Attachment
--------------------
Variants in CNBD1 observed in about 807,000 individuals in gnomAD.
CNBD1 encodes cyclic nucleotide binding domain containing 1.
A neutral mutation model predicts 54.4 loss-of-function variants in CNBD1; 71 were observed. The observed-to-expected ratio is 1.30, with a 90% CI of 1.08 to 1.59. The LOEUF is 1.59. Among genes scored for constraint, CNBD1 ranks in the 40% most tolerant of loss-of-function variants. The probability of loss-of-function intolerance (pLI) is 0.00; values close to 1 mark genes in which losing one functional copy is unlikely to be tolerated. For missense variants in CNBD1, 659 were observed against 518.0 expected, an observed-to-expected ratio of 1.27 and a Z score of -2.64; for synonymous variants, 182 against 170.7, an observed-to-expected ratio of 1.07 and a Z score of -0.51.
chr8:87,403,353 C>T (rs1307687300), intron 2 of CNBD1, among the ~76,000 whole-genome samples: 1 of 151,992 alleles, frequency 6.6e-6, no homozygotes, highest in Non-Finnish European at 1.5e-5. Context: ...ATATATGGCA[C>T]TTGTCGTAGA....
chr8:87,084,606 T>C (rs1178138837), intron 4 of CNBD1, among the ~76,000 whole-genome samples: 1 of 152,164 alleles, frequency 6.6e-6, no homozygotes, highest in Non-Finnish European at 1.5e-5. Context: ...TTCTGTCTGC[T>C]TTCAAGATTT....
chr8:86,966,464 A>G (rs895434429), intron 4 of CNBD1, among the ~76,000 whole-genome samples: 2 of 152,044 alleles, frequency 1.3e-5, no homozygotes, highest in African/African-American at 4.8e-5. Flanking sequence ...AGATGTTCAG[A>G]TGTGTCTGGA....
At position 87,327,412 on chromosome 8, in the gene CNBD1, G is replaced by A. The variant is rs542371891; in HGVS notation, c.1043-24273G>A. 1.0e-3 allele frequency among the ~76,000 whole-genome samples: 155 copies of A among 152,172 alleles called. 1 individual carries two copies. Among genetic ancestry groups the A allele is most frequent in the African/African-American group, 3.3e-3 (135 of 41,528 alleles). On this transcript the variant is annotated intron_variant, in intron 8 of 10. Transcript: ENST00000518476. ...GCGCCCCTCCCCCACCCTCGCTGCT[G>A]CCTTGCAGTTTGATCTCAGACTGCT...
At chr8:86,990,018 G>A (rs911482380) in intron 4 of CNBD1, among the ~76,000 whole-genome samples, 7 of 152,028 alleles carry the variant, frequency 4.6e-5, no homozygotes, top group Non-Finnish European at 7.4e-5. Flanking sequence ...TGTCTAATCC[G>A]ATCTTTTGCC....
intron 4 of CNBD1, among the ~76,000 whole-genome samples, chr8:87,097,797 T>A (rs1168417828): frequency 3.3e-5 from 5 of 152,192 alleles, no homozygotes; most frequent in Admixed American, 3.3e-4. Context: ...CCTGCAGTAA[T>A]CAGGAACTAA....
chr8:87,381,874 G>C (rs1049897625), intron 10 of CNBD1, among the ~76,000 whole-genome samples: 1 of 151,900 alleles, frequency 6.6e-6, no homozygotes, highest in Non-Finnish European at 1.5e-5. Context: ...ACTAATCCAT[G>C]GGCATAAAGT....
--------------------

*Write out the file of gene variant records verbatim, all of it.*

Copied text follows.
Variants in CNBD1 observed in about 807,000 individuals in gnomAD.
CNBD1 encodes cyclic nucleotide binding domain containing 1.
A neutral mutation model predicts 54.4 loss-of-function variants in CNBD1; 71 were observed. The observed-to-expected ratio is 1.30, with a 90% CI of 1.08 to 1.59. The LOEUF is 1.59. Among genes scored for constraint, CNBD1 ranks in the 40% most tolerant of loss-of-function variants. The probability of loss-of-function intolerance (pLI) is 0.00; values close to 1 mark genes in which losing one functional copy is unlikely to be tolerated. For missense variants in CNBD1, 659 were observed against 518.0 expected, an observed-to-expected ratio of 1.27 and a Z score of -2.64; for synonymous variants, 182 against 170.7, an observed-to-expected ratio of 1.07 and a Z score of -0.51.
chr8:87,403,353 C>T (rs1307687300), intron 2 of CNBD1, among the ~76,000 whole-genome samples: 1 of 151,992 alleles, frequency 6.6e-6, no homozygotes, highest in Non-Finnish European at 1.5e-5. Context: ...ATATATGGCA[C>T]TTGTCGTAGA....
chr8:87,084,606 T>C (rs1178138837), intron 4 of CNBD1, among the ~76,000 whole-genome samples: 1 of 152,164 alleles, frequency 6.6e-6, no homozygotes, highest in Non-Finnish European at 1.5e-5. Context: ...TTCTGTCTGC[T>C]TTCAAGATTT....
chr8:86,966,464 A>G (rs895434429), intron 4 of CNBD1, among the ~76,000 whole-genome samples: 2 of 152,044 alleles, frequency 1.3e-5, no homozygotes, highest in African/African-American at 4.8e-5. Flanking sequence ...AGATGTTCAG[A>G]TGTGTCTGGA....
At position 87,327,412 on chromosome 8, in the gene CNBD1, G is replaced by A. The variant is rs542371891; in HGVS notation, c.1043-24273G>A. 1.0e-3 allele frequency among the ~76,000 whole-genome samples: 155 copies of A among 152,172 alleles called. 1 individual carries two copies. Among genetic ancestry groups the A allele is most frequent in the African/African-American group, 3.3e-3 (135 of 41,528 alleles). On this transcript the variant is annotated intron_variant, in intron 8 of 10. Transcript: ENST00000518476. ...GCGCCCCTCCCCCACCCTCGCTGCT[G>A]CCTTGCAGTTTGATCTCAGACTGCT...
At chr8:86,990,018 G>A (rs911482380) in intron 4 of CNBD1, among the ~76,000 whole-genome samples, 7 of 152,028 alleles carry the variant, frequency 4.6e-5, no homozygotes, top group Non-Finnish European at 7.4e-5. Flanking sequence ...TGTCTAATCC[G>A]ATCTTTTGCC....
intron 4 of CNBD1, among the ~76,000 whole-genome samples, chr8:87,097,797 T>A (rs1168417828): frequency 3.3e-5 from 5 of 152,192 alleles, no homozygotes; most frequent in Admixed American, 3.3e-4. Context: ...CCTGCAGTAA[T>A]CAGGAACTAA....
chr8:87,381,874 G>C (rs1049897625), intron 10 of CNBD1, among the ~76,000 whole-genome samples: 1 of 151,900 alleles, frequency 6.6e-6, no homozygotes, highest in Non-Finnish European at 1.5e-5. Context: ...ACTAATCCAT[G>C]GGCATAAAGT....